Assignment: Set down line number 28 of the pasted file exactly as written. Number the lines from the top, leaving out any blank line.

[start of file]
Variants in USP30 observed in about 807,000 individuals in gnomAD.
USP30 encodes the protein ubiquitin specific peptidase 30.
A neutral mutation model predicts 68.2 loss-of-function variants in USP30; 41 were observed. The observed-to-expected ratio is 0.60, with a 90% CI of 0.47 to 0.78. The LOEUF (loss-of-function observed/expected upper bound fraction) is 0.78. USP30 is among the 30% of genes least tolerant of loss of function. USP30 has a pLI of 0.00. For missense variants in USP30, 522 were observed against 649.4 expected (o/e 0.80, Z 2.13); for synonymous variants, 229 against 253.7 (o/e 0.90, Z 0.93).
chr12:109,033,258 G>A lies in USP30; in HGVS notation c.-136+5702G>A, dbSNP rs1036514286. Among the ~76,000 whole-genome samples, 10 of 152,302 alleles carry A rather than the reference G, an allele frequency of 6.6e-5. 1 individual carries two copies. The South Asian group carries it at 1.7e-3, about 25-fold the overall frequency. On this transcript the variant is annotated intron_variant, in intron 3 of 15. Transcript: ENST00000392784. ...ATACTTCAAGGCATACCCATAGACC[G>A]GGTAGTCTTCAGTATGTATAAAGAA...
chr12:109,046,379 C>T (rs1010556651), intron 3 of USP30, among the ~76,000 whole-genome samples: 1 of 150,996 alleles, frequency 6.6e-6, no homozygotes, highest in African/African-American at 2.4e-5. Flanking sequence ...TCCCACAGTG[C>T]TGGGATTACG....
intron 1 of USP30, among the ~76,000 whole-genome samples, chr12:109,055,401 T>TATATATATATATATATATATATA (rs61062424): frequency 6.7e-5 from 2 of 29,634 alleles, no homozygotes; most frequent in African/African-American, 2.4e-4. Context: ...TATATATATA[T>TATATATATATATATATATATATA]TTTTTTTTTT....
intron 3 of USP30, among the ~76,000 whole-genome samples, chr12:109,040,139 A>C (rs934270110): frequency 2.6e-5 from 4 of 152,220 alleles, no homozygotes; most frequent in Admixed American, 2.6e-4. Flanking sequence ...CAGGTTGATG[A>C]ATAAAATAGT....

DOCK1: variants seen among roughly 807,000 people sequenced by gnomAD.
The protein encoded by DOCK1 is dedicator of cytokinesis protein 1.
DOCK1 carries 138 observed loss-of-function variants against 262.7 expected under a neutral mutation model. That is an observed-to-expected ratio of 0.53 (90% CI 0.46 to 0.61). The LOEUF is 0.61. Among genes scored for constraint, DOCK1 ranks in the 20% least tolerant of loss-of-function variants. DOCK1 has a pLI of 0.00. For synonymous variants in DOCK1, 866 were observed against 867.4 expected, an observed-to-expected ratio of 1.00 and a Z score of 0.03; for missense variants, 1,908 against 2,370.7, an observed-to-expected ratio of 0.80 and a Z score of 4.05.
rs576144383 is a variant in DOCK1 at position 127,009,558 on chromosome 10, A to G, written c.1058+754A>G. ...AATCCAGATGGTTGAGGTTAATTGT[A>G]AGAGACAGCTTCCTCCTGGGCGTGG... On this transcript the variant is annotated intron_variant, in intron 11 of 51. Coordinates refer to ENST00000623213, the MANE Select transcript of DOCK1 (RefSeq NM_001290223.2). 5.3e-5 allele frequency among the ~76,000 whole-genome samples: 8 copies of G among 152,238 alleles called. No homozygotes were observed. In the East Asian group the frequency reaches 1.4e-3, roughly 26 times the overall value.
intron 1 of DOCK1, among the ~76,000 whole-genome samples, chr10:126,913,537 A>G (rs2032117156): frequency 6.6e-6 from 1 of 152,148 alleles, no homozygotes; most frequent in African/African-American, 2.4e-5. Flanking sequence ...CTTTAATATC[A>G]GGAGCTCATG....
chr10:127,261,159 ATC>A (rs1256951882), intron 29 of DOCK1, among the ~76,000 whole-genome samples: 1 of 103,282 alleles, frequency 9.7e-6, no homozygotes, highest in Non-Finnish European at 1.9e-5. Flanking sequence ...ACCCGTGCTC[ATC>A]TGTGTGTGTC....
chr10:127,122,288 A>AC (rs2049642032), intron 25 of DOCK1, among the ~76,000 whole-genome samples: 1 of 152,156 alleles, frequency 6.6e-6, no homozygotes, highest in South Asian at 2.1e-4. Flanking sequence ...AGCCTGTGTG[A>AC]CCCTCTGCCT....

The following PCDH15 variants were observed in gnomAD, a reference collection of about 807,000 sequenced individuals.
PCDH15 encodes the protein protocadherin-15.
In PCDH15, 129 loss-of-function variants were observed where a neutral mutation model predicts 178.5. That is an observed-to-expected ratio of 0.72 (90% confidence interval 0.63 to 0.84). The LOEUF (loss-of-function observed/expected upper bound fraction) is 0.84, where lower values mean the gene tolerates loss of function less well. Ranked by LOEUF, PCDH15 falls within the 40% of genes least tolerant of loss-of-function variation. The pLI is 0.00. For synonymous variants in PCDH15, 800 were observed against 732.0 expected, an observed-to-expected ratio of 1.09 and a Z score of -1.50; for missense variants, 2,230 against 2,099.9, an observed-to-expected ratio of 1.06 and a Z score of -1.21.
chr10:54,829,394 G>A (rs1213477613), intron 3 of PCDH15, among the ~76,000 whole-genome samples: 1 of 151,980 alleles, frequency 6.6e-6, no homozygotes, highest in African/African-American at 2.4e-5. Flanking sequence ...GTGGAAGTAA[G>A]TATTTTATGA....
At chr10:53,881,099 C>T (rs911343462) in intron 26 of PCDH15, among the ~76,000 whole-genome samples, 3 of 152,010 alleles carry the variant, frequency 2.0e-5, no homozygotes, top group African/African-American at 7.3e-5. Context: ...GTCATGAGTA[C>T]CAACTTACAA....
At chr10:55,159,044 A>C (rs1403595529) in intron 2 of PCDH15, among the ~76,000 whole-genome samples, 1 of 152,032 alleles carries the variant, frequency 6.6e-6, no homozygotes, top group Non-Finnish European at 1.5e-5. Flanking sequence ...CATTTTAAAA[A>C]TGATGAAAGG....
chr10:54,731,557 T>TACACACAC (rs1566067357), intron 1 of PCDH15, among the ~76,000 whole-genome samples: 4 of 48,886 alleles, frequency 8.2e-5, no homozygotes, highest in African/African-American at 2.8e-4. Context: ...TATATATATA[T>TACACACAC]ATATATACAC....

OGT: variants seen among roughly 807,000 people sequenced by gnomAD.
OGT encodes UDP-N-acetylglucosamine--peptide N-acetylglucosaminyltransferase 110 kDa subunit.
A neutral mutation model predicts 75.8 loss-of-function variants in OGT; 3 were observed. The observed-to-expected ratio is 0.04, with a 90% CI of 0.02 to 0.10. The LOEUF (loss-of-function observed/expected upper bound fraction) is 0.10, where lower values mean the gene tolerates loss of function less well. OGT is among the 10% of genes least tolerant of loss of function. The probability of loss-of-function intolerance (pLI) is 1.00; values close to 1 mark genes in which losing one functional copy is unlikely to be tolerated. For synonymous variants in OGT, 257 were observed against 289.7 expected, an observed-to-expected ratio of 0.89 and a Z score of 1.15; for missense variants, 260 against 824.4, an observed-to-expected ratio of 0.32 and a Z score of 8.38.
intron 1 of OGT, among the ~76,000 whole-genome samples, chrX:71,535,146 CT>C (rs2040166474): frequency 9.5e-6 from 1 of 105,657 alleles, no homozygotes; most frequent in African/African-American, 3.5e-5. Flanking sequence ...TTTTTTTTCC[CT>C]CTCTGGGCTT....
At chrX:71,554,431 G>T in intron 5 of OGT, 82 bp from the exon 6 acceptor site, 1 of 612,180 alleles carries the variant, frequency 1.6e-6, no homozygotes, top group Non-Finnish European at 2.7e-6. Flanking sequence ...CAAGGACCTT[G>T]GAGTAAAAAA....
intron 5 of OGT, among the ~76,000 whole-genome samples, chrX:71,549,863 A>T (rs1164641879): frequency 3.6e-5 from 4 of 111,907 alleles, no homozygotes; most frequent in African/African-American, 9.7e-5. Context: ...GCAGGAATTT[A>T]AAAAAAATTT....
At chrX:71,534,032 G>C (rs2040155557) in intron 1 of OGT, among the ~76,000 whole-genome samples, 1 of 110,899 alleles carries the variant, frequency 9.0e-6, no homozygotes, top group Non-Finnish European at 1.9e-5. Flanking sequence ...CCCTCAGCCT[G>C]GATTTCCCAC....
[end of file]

At chrX:71,534,032 G>C (rs2040155557) in intron 1 of OGT, among the ~76,000 whole-genome samples, 1 of 110,899 alleles carries the variant, frequency 9.0e-6, no homozygotes, top group Non-Finnish European at 1.9e-5. Flanking sequence ...CCCTCAGCCT[G>C]GATTTCCCAC....